Big Brothers Big Sisters of Washtenaw County hosted a fundraiser breakfast, Rise and Shine for Kids’ Sake, an event geared towards bringing potential donors together to inform and raise money for the organization, on Nov. 3. Among the donors in attendance were former Eastern Michigan University President Donald Loppnow, Governor Rick Snyder and Michigan’s First Lady Sue Snyder.
Big Brothers Big Sisters is a nonprofit organization based on a one to one mentoring program. The mission of BBBS of Washtenaw County is to provide children facing adversity with strong and enduring, professionally supported one-to-one relationships.
“The program is important to children of the community because it gives children access to experiences and opportunities without the support of the program,” said Ashley Sadler, BBBS intern, EMU senior, and social work major.
Through the program, free and low cost activities are facilitated for the matches. Interviews of the families the littles are coming from and of the applicants are both done in the people’s homes, and they last between two and four hours. In addition, match support is offered by a case manager to help facilitate consistent communication and the longevity of a successful match.
Volunteer applications are vetted and run through a criminal background check. In addition, there is a driving record check and verification of at least three references. Characteristics and qualities of applicants are also taken into consideration before making a systematic match. Big brothers and big sisters in a match are called bigs and the mentees are called littles. A one-year commitment is required due to the detrimental effects of short-term matches. Facilitating one match for a year cost just under 1,000 dollars.
“We are a reflection of how we treat the littles and little ones in our community, that need us so much,” said guest speaker, Warde Manuel, University of Michigan Athletic Director. “The younger that we can touch them the more that we can give them the experience. The experience that we have and the fundamental support that they need.”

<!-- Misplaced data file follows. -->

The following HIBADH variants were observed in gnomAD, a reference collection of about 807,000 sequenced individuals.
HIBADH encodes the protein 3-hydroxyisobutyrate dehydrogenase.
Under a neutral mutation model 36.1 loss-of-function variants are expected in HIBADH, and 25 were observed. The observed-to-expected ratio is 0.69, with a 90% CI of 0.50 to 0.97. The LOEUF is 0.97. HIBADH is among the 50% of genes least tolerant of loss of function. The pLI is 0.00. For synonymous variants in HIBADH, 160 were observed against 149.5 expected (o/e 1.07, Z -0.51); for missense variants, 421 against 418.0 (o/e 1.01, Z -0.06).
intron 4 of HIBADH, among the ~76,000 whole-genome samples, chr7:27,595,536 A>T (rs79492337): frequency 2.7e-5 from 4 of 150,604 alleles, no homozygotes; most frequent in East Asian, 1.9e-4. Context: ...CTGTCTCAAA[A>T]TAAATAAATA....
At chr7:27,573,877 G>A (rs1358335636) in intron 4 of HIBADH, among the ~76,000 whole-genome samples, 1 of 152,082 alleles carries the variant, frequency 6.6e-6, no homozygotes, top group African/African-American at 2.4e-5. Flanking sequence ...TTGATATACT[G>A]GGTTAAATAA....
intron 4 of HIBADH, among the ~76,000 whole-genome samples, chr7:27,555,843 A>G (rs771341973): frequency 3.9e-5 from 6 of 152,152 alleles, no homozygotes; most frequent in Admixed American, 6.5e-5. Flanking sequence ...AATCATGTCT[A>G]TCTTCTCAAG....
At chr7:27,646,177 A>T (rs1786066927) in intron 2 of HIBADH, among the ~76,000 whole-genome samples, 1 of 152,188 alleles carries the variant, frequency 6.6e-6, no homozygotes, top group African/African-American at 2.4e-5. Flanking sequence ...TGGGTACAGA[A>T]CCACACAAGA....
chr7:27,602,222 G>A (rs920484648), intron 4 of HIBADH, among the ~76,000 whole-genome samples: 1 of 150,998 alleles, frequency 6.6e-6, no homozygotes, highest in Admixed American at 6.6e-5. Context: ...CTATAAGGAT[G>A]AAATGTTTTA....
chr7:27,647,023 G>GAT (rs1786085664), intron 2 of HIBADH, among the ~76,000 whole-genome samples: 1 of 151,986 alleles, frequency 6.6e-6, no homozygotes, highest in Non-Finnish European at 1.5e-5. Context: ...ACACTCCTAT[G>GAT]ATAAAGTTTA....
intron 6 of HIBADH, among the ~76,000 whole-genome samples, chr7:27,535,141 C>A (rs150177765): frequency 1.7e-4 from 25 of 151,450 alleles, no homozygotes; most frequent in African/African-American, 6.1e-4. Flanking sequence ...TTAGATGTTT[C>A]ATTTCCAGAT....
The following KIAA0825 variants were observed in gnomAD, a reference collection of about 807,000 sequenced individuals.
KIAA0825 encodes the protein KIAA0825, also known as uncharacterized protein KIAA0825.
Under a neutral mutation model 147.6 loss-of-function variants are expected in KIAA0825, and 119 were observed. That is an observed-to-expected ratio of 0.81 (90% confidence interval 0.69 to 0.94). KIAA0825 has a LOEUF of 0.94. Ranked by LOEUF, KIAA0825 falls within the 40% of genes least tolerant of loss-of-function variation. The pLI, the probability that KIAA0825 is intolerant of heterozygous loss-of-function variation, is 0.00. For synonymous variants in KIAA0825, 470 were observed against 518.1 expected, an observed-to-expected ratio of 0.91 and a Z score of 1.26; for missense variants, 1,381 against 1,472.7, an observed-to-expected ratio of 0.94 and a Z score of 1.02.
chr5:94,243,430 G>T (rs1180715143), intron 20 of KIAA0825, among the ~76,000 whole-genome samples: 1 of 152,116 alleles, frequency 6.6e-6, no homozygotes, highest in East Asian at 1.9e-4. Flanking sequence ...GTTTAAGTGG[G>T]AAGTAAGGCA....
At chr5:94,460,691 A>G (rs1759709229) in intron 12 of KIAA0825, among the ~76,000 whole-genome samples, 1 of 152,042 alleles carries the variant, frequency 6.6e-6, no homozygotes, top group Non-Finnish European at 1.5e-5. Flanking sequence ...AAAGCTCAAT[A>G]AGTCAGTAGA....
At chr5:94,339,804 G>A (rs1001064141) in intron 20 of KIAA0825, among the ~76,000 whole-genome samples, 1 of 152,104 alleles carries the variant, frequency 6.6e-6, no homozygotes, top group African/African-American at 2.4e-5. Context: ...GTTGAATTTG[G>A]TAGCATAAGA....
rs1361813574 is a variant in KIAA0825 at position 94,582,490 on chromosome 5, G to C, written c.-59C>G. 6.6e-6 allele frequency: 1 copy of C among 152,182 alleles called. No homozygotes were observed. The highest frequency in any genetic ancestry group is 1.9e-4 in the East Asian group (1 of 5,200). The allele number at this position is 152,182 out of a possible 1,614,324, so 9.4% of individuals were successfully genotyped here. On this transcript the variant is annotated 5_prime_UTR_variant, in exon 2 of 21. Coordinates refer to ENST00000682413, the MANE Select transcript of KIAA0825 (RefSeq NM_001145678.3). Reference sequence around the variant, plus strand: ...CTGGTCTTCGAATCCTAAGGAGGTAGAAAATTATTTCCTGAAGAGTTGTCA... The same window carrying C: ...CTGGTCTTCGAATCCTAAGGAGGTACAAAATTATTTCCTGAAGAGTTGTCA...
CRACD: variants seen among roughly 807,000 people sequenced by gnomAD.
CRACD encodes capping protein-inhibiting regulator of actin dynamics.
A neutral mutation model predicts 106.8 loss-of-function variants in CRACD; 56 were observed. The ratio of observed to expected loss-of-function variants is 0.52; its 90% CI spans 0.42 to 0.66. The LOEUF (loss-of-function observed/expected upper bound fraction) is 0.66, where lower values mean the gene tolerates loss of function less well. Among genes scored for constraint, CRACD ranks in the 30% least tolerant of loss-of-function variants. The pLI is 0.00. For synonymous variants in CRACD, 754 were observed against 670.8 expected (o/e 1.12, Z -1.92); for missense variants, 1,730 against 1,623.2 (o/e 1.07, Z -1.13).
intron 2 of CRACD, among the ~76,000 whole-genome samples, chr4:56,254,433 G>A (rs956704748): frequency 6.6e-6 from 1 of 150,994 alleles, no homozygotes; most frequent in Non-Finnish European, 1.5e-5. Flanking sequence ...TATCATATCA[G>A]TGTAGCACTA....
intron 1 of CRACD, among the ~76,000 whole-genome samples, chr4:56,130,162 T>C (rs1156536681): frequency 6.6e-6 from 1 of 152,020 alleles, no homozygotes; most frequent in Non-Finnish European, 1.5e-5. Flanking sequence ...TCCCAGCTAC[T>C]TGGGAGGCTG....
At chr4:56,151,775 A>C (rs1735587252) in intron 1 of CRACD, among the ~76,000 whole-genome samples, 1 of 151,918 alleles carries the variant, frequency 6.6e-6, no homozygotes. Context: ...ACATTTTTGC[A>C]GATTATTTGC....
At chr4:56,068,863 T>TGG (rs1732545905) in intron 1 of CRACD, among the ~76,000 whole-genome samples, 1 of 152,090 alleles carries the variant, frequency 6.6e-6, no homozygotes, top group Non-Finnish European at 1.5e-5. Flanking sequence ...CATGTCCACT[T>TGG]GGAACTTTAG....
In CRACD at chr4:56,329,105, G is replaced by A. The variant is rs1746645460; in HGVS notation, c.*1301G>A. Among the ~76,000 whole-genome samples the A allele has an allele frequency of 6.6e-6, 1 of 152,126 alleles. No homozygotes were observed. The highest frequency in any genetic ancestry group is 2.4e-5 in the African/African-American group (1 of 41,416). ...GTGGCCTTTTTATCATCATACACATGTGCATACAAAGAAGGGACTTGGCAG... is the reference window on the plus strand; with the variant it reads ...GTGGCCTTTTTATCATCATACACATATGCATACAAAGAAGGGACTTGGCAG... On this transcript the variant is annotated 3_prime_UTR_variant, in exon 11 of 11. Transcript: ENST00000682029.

BBBS is a program built on being a proactive measure to reduce potential intervention costs in the lives of youth. Nationally 20 percent of children experience a loss of a parent and 28 percent of children experience economic hardship. Economic hardship and separation from a parent are both factors that contribute to the existence of the program. Big Brothers and Big Sisters have consistently work towards alleviating barriers in the growth of youth.
“There is nothing much more greater that we can do for our society than do what we can to support our youth,” said guest speaker, Carol Hutchins, University of Michigan Women’s Softball Coach.
According to a study done by BBBS of Washtenaw County, 85 percent of littles have improved self-confidence, 97 percent have improved academic performance, and 94 percent have shown a reduction in risk avoiding behaviors. Over the 100 years of existence, BBBS has grown to support more than 400 mentees a year.